From stripper and peepshow girl to Oscar-winning screenwriter—how much more uplifting can you get?

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Writing this post took me to interesting sites, where I got various facts and illustrations. For more information about the Greek Slave and Maria Monk in particular, with links to further material, go here. I found John Absolon’s color painting of the Greek Slave exhibited at London’s Crystal Palace here.

Did Lotta Crabtree make Abe Lincoln smile?

It’s certain that she did. And who was she? The most successful and famous actress in America from the 1860s until 1892, when she retired at the age of 45 to paint, read, tour Europe and museums, help animals (she was sometimes seen putting hats on horses), give to charity, and smoke her trademark thin black cigars (not considered a ladylike habit back then). She also liked to wear men’s clothes onstage, and sometimes off-stage as well.

But before we get to Lotta, let’s talk a little about Lincoln and actors…

The other night on PBS there was a show entitled “The Assassination of Abraham Lincoln” which portrayed both Lincoln and his murderer, the actor John Wilkes Booth. But this otherwise well-produced documentary was lacking in one respect: it never touched on the terrible irony that Lincoln, who was shot by an actor, had a real admiration and fondness for thespians and entertained many of them at the White House. He and Mrs. Lincoln, who was a huge theater fan too, regularly attended shows when they settled into the White House.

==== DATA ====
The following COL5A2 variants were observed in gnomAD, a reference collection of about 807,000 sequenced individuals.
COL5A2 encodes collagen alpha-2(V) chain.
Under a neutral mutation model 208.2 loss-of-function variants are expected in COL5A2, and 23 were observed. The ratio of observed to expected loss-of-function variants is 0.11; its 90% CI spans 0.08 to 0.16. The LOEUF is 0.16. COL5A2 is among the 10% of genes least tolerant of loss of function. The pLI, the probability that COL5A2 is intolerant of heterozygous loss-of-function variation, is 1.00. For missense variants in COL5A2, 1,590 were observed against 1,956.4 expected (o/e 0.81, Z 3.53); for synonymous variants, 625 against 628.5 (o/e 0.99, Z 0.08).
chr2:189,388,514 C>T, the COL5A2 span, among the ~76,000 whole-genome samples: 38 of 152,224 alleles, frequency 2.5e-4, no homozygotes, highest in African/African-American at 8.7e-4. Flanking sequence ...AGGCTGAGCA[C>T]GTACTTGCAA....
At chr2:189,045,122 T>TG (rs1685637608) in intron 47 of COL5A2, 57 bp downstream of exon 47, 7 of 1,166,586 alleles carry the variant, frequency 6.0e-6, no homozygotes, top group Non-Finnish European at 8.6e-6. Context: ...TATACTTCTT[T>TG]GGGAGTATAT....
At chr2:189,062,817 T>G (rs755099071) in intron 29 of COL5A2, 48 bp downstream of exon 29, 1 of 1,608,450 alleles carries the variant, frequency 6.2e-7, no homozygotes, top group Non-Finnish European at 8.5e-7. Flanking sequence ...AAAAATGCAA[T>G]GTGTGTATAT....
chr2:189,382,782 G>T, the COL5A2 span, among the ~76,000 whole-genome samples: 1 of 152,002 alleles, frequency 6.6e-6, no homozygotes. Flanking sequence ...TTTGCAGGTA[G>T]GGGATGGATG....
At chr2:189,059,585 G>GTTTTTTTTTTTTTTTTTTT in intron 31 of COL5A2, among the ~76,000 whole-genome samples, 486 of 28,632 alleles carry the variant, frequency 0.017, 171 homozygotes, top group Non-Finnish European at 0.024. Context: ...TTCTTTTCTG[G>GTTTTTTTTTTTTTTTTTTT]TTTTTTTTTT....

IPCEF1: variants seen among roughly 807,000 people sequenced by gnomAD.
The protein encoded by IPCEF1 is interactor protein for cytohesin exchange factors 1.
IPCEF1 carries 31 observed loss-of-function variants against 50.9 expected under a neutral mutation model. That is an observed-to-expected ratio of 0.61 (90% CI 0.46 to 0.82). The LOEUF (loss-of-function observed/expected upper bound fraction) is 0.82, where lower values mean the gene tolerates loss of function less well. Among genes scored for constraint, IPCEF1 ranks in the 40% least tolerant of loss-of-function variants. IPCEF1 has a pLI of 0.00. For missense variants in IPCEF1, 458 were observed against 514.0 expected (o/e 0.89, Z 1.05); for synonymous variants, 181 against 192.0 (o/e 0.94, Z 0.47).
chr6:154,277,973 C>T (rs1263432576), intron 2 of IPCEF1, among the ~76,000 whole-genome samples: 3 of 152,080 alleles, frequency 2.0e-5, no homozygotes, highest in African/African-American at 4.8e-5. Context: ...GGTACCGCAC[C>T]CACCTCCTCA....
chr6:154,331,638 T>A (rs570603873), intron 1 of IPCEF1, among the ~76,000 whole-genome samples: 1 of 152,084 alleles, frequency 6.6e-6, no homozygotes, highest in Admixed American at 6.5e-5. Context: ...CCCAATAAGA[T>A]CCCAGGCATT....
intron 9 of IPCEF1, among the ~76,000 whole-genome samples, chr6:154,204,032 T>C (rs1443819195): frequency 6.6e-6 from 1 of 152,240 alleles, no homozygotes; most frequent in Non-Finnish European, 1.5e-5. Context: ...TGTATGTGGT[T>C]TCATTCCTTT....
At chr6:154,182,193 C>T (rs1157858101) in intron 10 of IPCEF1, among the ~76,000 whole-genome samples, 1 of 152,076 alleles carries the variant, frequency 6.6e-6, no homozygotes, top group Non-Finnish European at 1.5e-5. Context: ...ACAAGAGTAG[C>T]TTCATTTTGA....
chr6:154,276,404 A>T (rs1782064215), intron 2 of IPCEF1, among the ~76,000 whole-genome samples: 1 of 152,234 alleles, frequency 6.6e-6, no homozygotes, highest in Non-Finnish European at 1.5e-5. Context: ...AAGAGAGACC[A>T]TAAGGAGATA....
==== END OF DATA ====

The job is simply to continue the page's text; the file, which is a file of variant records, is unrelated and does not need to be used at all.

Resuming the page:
One of the commentators on the PBS program argued that John Wilkes Booth was both a successful actor and not a madman, but the final impression was that his stage career had basically tanked with the start of the Civil War because he was too warped by anti-Northern rage to pursue it, and that whatever sanity he might have had earlier in life was lost in his derangement of hatred for Lincoln. So he had been successful once, and he had been sane, but he sounded neither by the end of the war, and he was certainly a world-class loser by the time of the assassination.

If actors are required to have an understanding of human nature in order to properly practice their craft, then by his deed of murder Booth showed himself seriously lacking in this regard. He thought he was going to be acclaimed as a hero for killing Lincoln, as if he were enacting in real life the part of a modern-day Brutus ridding his country of a dictator; but in fact most people turned on Booth in revulsion and horror. In the end, you might say his final self-scripted “role” got the worst possible reviews and showed his “talent” in all its true miniscule dimensions.

But let us go back now to the earlier days of the war, when Lincoln’s famously melancholy nature might have sought respite in the performances of the “Nation’s Darling” of the time, “Miss Lotta, the San Francisco Favorite.”